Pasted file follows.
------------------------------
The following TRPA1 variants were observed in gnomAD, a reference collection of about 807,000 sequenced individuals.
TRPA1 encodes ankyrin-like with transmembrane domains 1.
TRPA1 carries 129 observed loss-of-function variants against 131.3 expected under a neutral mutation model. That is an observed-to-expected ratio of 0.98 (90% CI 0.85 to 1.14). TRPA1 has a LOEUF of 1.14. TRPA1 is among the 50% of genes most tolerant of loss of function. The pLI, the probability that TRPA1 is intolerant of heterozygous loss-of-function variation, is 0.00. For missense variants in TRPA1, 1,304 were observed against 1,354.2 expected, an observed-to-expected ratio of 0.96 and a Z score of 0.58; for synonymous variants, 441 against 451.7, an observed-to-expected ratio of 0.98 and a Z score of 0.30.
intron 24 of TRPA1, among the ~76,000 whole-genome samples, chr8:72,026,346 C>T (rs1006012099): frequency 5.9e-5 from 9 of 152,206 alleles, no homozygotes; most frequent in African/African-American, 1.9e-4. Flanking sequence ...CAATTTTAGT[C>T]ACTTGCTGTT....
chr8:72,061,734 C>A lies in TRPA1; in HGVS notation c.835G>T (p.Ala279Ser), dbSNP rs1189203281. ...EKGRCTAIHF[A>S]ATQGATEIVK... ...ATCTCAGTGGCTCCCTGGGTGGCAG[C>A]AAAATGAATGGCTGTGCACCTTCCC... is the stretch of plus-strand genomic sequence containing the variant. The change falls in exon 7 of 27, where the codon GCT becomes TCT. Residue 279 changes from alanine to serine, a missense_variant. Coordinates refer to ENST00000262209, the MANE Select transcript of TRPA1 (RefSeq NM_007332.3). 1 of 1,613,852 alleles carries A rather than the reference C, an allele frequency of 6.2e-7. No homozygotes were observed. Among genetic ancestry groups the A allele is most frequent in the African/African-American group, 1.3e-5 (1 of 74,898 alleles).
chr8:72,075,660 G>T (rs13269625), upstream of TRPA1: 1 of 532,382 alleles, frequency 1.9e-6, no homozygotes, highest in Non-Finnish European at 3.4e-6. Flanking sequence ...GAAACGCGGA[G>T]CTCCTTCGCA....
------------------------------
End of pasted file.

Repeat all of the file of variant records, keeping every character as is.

The following TRPA1 variants were observed in gnomAD, a reference collection of about 807,000 sequenced individuals.
TRPA1 encodes ankyrin-like with transmembrane domains 1.
TRPA1 carries 129 observed loss-of-function variants against 131.3 expected under a neutral mutation model. That is an observed-to-expected ratio of 0.98 (90% CI 0.85 to 1.14). TRPA1 has a LOEUF of 1.14. TRPA1 is among the 50% of genes most tolerant of loss of function. The pLI, the probability that TRPA1 is intolerant of heterozygous loss-of-function variation, is 0.00. For missense variants in TRPA1, 1,304 were observed against 1,354.2 expected, an observed-to-expected ratio of 0.96 and a Z score of 0.58; for synonymous variants, 441 against 451.7, an observed-to-expected ratio of 0.98 and a Z score of 0.30.
intron 24 of TRPA1, among the ~76,000 whole-genome samples, chr8:72,026,346 C>T (rs1006012099): frequency 5.9e-5 from 9 of 152,206 alleles, no homozygotes; most frequent in African/African-American, 1.9e-4. Flanking sequence ...CAATTTTAGT[C>T]ACTTGCTGTT....
chr8:72,061,734 C>A lies in TRPA1; in HGVS notation c.835G>T (p.Ala279Ser), dbSNP rs1189203281. ...EKGRCTAIHF[A>S]ATQGATEIVK... ...ATCTCAGTGGCTCCCTGGGTGGCAG[C>A]AAAATGAATGGCTGTGCACCTTCCC... is the stretch of plus-strand genomic sequence containing the variant. The change falls in exon 7 of 27, where the codon GCT becomes TCT. Residue 279 changes from alanine to serine, a missense_variant. Coordinates refer to ENST00000262209, the MANE Select transcript of TRPA1 (RefSeq NM_007332.3). 1 of 1,613,852 alleles carries A rather than the reference C, an allele frequency of 6.2e-7. No homozygotes were observed. Among genetic ancestry groups the A allele is most frequent in the African/African-American group, 1.3e-5 (1 of 74,898 alleles).
chr8:72,075,660 G>T (rs13269625), upstream of TRPA1: 1 of 532,382 alleles, frequency 1.9e-6, no homozygotes, highest in Non-Finnish European at 3.4e-6. Flanking sequence ...GAAACGCGGA[G>T]CTCCTTCGCA....